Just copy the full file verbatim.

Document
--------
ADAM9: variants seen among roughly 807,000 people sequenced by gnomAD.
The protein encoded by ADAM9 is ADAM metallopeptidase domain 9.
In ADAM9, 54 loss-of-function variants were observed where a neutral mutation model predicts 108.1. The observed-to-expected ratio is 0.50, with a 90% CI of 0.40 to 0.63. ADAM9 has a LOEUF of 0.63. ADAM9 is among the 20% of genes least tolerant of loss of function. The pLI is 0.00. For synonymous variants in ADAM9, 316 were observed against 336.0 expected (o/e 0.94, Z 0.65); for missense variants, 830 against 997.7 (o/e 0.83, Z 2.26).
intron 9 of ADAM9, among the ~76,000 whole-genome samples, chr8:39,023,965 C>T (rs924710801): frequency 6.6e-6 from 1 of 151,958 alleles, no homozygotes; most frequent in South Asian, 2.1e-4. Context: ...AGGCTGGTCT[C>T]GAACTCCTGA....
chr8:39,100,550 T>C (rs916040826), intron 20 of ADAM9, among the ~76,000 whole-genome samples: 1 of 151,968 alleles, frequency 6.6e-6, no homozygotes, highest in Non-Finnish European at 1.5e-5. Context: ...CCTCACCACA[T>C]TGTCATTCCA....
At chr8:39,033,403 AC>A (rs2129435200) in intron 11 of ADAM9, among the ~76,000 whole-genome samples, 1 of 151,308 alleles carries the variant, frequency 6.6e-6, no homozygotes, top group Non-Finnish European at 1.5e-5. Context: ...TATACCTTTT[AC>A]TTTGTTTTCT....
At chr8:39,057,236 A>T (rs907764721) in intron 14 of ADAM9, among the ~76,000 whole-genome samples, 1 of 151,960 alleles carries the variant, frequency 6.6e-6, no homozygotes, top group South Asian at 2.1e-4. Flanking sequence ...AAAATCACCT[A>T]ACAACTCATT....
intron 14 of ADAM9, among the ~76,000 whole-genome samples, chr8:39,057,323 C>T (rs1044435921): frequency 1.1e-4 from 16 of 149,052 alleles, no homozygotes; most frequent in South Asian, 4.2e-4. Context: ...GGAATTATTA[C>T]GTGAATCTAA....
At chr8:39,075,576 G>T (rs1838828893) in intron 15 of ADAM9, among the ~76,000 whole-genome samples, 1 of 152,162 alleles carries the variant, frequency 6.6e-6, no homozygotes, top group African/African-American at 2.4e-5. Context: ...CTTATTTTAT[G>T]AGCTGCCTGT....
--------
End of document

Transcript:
ADAM9: variants seen among roughly 807,000 people sequenced by gnomAD.
The protein encoded by ADAM9 is ADAM metallopeptidase domain 9.
In ADAM9, 54 loss-of-function variants were observed where a neutral mutation model predicts 108.1. The observed-to-expected ratio is 0.50, with a 90% CI of 0.40 to 0.63. ADAM9 has a LOEUF of 0.63. ADAM9 is among the 20% of genes least tolerant of loss of function. The pLI is 0.00. For synonymous variants in ADAM9, 316 were observed against 336.0 expected (o/e 0.94, Z 0.65); for missense variants, 830 against 997.7 (o/e 0.83, Z 2.26).
intron 9 of ADAM9, among the ~76,000 whole-genome samples, chr8:39,023,965 C>T (rs924710801): frequency 6.6e-6 from 1 of 151,958 alleles, no homozygotes; most frequent in South Asian, 2.1e-4. Context: ...AGGCTGGTCT[C>T]GAACTCCTGA....
chr8:39,100,550 T>C (rs916040826), intron 20 of ADAM9, among the ~76,000 whole-genome samples: 1 of 151,968 alleles, frequency 6.6e-6, no homozygotes, highest in Non-Finnish European at 1.5e-5. Context: ...CCTCACCACA[T>C]TGTCATTCCA....
At chr8:39,033,403 AC>A (rs2129435200) in intron 11 of ADAM9, among the ~76,000 whole-genome samples, 1 of 151,308 alleles carries the variant, frequency 6.6e-6, no homozygotes, top group Non-Finnish European at 1.5e-5. Context: ...TATACCTTTT[AC>A]TTTGTTTTCT....
At chr8:39,057,236 A>T (rs907764721) in intron 14 of ADAM9, among the ~76,000 whole-genome samples, 1 of 151,960 alleles carries the variant, frequency 6.6e-6, no homozygotes, top group South Asian at 2.1e-4. Flanking sequence ...AAAATCACCT[A>T]ACAACTCATT....
intron 14 of ADAM9, among the ~76,000 whole-genome samples, chr8:39,057,323 C>T (rs1044435921): frequency 1.1e-4 from 16 of 149,052 alleles, no homozygotes; most frequent in South Asian, 4.2e-4. Context: ...GGAATTATTA[C>T]GTGAATCTAA....
At chr8:39,075,576 G>T (rs1838828893) in intron 15 of ADAM9, among the ~76,000 whole-genome samples, 1 of 152,162 alleles carries the variant, frequency 6.6e-6, no homozygotes, top group African/African-American at 2.4e-5. Context: ...CTTATTTTAT[G>T]AGCTGCCTGT....